"The essence of meditation practice is to let go of all your expectations about meditation. All the qualities of your natural mind -- peace, openness, relaxation, and clarity -- are present in your mind just as it is. You don't have to do anything different. You don't have to shift or change your awareness. All you have to do while observing your mind is to recognize the qualities it already has."
--- Yongey Mingyur Rinpoche

Simon E.
Posts: 7181
Joined: Tue May 15, 2012 11:09 am

Re: Buddhist Hell seems a bit much

Post by Simon E. » Tue Oct 22, 2019 7:48 pm

pael wrote:
Tue Oct 22, 2019 10:01 am
Would purgatory be better term than hell?
Yes, but still problematic.
If anyone follows my posts ( not something I would particular recommend ) they will know that I am not keen on folk religion and very opposed to cultural appropriation even when the culture being appropriated is that of a Buddhist country..
But I have no doubt that the hell/purgatorial realms exist and are literal. I have seen them briefly.
I think portraying them as rendered in Asian art is not helpful. I suspect that they take whatever form exists in our own subconscious states.
I don’t want to go into my own experience, but something EJ Gold wrote might be useful for moderns..
He said if you find yourself in car endlessly driving round and round and round a multi story car park and unable to find the exit you might want to ask yourself if in fact you have died...
“The difference between us and Tara is that she knows she doesn’t exist”.

Bristollad
Posts: 579
Joined: Fri Aug 21, 2015 11:39 am

Re: Buddhist Hell seems a bit much

Post by Bristollad » Tue Oct 22, 2019 8:04 pm

Matt J wrote:
Tue Oct 22, 2019 7:04 pm
This comes up at Western retreats all the time. No Theravada, Zen, or Tibetan Buddhist master that I am familiar with has required belief in hell, or even belief in reincarnation, as a condition of being a Buddhist. In fact, they have all disclaimed such a belief is necessary.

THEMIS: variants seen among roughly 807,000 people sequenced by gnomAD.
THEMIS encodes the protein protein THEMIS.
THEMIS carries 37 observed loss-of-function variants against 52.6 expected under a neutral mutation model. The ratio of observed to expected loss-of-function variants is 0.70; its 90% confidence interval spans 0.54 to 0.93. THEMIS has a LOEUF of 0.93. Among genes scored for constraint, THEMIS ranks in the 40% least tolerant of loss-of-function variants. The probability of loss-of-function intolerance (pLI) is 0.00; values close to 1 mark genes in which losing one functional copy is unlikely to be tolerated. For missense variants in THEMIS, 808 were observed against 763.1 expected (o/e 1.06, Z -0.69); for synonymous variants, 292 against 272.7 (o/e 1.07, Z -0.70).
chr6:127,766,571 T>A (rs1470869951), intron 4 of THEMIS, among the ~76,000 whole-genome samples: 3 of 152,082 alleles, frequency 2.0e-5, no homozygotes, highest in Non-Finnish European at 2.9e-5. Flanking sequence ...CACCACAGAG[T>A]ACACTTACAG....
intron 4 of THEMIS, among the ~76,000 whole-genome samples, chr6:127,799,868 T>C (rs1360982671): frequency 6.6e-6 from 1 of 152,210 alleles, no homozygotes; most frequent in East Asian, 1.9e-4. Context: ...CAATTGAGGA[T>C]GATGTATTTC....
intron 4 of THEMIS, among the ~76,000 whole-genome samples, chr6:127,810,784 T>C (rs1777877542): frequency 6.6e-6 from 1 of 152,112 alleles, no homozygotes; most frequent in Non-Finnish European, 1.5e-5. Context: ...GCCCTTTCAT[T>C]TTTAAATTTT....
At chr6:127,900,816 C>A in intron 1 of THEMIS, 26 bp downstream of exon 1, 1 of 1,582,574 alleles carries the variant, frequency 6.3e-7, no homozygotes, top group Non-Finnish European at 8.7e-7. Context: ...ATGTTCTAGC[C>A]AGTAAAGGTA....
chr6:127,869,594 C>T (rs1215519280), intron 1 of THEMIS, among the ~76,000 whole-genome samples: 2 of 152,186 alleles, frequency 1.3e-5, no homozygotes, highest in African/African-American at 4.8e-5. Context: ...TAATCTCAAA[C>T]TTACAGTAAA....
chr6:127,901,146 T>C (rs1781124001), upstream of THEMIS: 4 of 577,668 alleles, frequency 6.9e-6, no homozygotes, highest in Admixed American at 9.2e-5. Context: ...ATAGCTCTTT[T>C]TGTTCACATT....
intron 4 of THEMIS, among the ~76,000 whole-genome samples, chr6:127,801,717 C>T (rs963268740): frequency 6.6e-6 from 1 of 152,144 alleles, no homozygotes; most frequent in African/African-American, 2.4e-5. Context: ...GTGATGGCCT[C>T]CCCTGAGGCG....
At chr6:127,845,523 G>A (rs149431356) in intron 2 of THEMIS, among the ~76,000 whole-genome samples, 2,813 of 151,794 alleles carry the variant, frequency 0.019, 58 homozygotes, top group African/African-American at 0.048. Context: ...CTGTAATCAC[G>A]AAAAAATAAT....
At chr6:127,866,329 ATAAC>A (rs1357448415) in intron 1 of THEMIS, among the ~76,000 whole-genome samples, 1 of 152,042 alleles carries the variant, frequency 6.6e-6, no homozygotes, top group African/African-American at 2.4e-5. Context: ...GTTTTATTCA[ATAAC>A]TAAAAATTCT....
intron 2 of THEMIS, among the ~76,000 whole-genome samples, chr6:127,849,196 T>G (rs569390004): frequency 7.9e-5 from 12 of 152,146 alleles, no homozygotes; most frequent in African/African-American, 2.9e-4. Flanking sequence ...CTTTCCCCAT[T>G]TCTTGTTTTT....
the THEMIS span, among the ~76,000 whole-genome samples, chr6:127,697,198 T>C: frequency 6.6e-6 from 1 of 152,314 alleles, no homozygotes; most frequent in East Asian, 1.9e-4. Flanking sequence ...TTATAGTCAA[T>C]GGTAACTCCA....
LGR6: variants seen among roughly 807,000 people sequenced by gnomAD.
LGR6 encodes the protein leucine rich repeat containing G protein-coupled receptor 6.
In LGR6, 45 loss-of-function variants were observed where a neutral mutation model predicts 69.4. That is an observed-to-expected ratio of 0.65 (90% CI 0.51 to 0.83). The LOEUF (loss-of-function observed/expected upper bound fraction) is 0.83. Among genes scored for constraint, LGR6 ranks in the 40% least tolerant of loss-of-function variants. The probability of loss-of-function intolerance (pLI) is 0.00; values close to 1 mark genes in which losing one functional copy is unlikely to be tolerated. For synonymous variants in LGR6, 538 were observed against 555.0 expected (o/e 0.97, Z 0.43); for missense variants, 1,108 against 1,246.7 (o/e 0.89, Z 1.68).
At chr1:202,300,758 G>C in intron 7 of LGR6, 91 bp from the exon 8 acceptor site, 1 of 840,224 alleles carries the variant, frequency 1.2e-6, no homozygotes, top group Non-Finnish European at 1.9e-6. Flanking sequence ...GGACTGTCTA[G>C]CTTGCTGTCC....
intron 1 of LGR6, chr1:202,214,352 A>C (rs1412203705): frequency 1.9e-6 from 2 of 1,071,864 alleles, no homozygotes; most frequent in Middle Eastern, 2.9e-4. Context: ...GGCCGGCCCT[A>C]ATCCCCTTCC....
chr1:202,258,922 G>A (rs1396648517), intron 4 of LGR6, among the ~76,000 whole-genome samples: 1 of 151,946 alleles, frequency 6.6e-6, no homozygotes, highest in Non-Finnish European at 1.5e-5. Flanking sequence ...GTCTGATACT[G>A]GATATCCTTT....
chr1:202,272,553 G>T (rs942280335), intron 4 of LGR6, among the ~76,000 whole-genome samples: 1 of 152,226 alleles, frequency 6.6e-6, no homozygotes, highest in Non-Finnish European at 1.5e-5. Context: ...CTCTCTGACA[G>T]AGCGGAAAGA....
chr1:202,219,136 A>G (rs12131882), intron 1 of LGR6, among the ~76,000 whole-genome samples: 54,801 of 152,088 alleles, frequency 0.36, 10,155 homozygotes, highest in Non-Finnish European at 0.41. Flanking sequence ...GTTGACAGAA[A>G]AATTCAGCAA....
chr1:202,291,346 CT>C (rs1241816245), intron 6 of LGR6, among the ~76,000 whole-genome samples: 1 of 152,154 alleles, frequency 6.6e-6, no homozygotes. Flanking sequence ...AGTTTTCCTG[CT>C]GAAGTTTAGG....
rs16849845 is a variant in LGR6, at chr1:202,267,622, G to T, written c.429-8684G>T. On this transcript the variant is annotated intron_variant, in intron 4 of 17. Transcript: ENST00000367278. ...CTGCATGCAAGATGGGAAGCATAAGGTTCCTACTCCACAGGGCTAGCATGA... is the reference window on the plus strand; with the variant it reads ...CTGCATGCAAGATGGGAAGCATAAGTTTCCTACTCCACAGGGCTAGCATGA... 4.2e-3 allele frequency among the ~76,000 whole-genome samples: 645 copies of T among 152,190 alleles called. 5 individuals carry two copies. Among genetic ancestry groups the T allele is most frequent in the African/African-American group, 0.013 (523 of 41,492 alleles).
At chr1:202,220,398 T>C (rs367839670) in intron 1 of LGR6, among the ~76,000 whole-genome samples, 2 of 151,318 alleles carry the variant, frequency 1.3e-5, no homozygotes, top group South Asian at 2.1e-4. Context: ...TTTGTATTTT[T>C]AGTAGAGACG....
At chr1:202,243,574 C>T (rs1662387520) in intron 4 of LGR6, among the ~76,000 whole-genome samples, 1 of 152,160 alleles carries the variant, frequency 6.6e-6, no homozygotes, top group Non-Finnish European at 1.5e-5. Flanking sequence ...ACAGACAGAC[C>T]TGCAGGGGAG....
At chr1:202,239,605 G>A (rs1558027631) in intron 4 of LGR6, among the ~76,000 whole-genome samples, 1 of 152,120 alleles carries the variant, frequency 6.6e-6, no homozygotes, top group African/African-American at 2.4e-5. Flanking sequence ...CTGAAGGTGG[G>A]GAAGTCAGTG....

SW’s long posts do not provide any support that one must believe in hell to be a Buddhist, but rather appears to be merely his/her/their personal opinion.
This may be the case for you.

However, I have over the last 30-odd years studied closely with three different Tibetan Geshes and all three did insist that a belief in rebirth is required for someone to understand refuge correctly - and that rebirth occurs in all the six abodes of the desire realm. For them, someone without refuge is not a buddhist.

So labelling Sonam Wangchug's post merely a personal opinion is incorrect.

User avatar
Matt J
Posts: 883
Joined: Tue Aug 03, 2010 2:29 am

Re: Buddhist Hell seems a bit much

Post by Matt J » Tue Oct 22, 2019 9:17 pm

Straight from the Buddhist pope then. Oh wait... :jumping:

My statement still stands: at least some teachers allow refuge without belief in hell, therefore is is unnecessary to believe in hell to be a Buddhist. To prove the statement, SW must show no Buddhist teacher would approve.
Bristollad wrote:
Tue Oct 22, 2019 8:04 pm
Matt J wrote:
Tue Oct 22, 2019 7:04 pm
This comes up at Western retreats all the time. No Theravada, Zen, or Tibetan Buddhist master that I am familiar with has required belief in hell, or even belief in reincarnation, as a condition of being a Buddhist. In fact, they have all disclaimed such a belief is necessary.

SW’s long posts do not provide any support that one must believe in hell to be a Buddhist, but rather appears to be merely his/her/their personal opinion.
This may be the case for you.

However, I have over the last 30-odd years studied closely with three different Tibetan Geshes and all three did insist that a belief in rebirth is required for someone to understand refuge correctly - and that rebirth occurs in all the six abodes of the desire realm. For them, someone without refuge is not a buddhist.

So labelling Sonam Wangchug's post merely a personal opinion is incorrect.